The charitable deduction wasn’t dumped off the fiscal cliff, but it was dented in the new law passed by Congress. That bill does not include cuts to your charitable tax deduction that are as big as President Obama proposed in his last budget, but it does trim deductibility for donors.
The President and House Minority Leader Nancy Pelosi insisted the new law include the so-called Pease provision, a limitation on deductibility that was abolished under President Bush’s now-expired tax reforms.
As with many tax law details that keep lobbyists’ hourly rates high, the Pease provision is complicated. Here’s an oversimplified summary: Your itemized deductions (including charitable deductions) will be diminished by an amount equal to 3 percent of the income you earn above a certain threshold: $250,000 for persons filing as individuals, $300,000 for married persons filing joint returns.
The most important stat is the swag Congress and the President expect to receive by cutting deductions: $152 billion over a decade.
ACR is pleased that the charitable deduction was preserved in this agreement. Throughout these negotiations, ACR members and other representatives of the philanthropic community have educated Congress about the value of charitable giving all across our country, especially for those who are in greatest need of services. The charitable deduction has a direct and indisputable influence on charitable giving, and preserving it has been central to our efforts in Washington. However, ACR is disappointed that the PEASE provision was made permanent in this agreement, which will progressively limit deductions, including the charitable deduction. We encourage members of Congress and the President to continue to preserve the charitable deduction and revisit PEASE as it relates to charitable giving as we move forward into both tax reform and measures to address the federal deficit.
As ACR’s last paragraph indicates, the charitable deduction’s status remains quite unsettled. Republican and Democrat leaders, including the chairmen of the House Ways and Means Committee and the Senate Finance Committee, all predict much more tax wrangling will soon occur. No one knows what that will mean for charitable deductions.
Resurrecting the Death Tax
Another provision in the fiscal cliff bill that will affect major donors: The estate tax, aka the “death tax,” has been resurrected. It is now permanently set at a rate of 40 percent after the first $10 million, despite the fact that Americans regularly tell pollsters they find such a tax immoral, even if it won’t affect them.
Also of interest to donors are the permanent increases in tax rates for capital gains and dividends: 20 percent for those who earn over $400,000 (as individuals) or $450,000 (as joint married filers).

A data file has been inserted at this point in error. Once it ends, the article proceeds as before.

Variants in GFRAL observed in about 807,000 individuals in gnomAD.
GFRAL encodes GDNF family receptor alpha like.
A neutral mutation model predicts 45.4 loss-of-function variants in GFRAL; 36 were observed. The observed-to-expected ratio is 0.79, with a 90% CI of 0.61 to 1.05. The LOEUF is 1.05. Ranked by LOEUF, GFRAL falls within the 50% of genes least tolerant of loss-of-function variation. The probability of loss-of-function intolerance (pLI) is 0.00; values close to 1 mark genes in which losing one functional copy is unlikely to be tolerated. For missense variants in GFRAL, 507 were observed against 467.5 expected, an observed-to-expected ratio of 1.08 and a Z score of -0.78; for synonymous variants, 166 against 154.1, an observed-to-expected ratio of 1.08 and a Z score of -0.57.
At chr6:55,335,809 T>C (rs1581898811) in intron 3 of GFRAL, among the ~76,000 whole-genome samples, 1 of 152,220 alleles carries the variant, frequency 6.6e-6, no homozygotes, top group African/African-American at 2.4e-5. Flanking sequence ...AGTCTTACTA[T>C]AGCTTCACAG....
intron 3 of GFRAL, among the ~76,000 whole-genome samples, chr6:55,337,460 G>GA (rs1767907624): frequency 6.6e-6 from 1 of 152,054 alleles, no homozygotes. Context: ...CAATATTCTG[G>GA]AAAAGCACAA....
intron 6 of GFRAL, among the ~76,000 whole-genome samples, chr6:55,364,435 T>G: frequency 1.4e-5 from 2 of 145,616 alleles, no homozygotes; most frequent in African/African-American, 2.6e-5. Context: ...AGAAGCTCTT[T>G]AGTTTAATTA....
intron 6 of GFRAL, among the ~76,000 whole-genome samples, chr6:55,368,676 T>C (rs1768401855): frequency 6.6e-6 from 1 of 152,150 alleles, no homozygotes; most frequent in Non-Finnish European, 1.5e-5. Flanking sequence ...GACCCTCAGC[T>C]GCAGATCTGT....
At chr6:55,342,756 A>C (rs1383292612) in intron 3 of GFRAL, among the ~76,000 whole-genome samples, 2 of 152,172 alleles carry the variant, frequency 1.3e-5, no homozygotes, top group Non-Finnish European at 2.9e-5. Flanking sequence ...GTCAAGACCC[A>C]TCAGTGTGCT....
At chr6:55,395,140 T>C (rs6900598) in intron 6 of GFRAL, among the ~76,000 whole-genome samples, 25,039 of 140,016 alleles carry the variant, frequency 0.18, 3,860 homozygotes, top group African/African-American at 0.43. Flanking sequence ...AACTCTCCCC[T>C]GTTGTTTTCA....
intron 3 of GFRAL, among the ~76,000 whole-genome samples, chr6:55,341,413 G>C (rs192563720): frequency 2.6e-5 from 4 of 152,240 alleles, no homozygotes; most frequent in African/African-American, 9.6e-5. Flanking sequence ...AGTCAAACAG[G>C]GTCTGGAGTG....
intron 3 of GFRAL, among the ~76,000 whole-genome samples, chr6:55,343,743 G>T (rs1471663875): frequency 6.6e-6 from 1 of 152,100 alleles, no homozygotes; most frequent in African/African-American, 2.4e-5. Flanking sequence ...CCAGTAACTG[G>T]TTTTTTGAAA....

As I argued previously, seconding Kim Dennis of the Searle Freedom Trust, “economic growth and wealth creation” are vital to the charitable sector’s health, which means punitive taxes will harm charities and wealth creators alike.
Too bad so few in the tax-exempt world ever stop to think about that fact. On the other hand, recall the surprising criticisms of the President’s attacks on the charitable deduction that Emmett Carson made last year. Carson, who is one of the most interesting philanthropic voices on the left, is a past board chair of the Council on Foundations and currently heads the Silicon Valley Community Foundation. He made his criticisms first at a Council on Foundations meeting, then to the New York Times:
We now have a President, a former community organizer, who does not value the charitable deduction. What he’s saying is that, left to its own devices, government can spend those dollars better than philanthropists.
Quoting Carson, I blogged on how odd that particular criticism sounds coming from the left, which is usually oblivious to all the ways that an obese government harms the wellsprings of both private wealth and civic ties.
Others Weigh In
Rick Cohen, another of the left’s most interesting voices in philanthropy, comments on the fiscal cliff bill here. (He doesn’t mind the Pease pilfering of the wealthy, but rightly complains that the middle class and low-income workers will take a hit because the new law ends the payroll tax “holiday” that has been lowering the “extraordinarily regressive” taxes we pay into Social Security. Now if only Cohen would ponder Social Security a bit more deeply. He might consider how this pillar of the welfare state not only lives on regressive taxes but also was never designed to help only the poor but rather to enmesh the middle and upper classes into federal redistribution of income, which explains why it (like many government programs) sends so much money to persons who don't need it. And the program also erodes civic ties by encouraging families and communities to think of their older members as the government’s problem.)
Dean Zerbe, once the terror of the tax-exempt sector as a Senate Finance Committee staffer, now sounds different as a columnist for Forbes. On New Year’s day, he blogged:
One of the best things of the Bush tax cuts was the elimination of “PEPS” and “Pease” – shorthand for phase outs of personal exemptions and certain itemized deductions. These are in effect hidden marginal rate increases. Unfortunately, the tax deal brings these bad policies back – albeit at a higher dollar level – hitting folks making $250k single and $300k married. It all sounds so very boring. Don’t be bored — this little understood and rarely discussed provision packs a womping tax hit of $152 billion dollars over current 2012 tax policy.
Expect more womping hits as Washington’s insatiable appetites demand ever more from all of our wallets.
FOOTNOTE: For more ugly details on the fiscal cliff bill, see the thorough dissection by the Tax Foundation here.